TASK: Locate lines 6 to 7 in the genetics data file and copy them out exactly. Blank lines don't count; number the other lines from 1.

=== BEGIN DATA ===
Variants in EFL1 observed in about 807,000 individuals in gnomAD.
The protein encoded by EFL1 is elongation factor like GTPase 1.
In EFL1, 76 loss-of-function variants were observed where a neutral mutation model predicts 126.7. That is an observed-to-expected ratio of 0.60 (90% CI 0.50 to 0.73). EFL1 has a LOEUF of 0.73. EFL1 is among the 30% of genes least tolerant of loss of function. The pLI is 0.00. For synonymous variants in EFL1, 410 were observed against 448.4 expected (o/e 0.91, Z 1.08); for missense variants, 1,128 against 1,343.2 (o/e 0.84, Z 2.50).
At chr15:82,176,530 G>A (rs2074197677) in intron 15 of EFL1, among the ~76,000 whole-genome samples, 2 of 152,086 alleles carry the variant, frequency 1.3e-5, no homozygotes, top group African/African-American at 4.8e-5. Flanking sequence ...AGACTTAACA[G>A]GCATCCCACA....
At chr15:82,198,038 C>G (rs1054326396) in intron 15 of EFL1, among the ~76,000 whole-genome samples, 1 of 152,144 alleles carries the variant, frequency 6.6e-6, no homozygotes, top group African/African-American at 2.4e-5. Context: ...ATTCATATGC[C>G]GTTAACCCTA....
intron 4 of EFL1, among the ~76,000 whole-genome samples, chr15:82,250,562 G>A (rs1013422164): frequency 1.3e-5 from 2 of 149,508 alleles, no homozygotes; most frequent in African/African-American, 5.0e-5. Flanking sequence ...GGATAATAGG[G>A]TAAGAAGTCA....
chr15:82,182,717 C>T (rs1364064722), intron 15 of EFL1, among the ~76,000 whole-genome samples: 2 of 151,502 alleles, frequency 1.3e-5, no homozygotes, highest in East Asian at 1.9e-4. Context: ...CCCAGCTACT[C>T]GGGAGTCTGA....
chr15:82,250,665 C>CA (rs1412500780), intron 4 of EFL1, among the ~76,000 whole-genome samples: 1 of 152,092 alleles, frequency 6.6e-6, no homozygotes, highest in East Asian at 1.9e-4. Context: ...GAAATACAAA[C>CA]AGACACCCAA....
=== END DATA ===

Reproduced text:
intron 4 of EFL1, among the ~76,000 whole-genome samples, chr15:82,250,562 G>A (rs1013422164): frequency 1.3e-5 from 2 of 149,508 alleles, no homozygotes; most frequent in African/African-American, 5.0e-5. Flanking sequence ...GGATAATAGG[G>A]TAAGAAGTCA....
chr15:82,182,717 C>T (rs1364064722), intron 15 of EFL1, among the ~76,000 whole-genome samples: 2 of 151,502 alleles, frequency 1.3e-5, no homozygotes, highest in East Asian at 1.9e-4. Context: ...CCCAGCTACT[C>T]GGGAGTCTGA....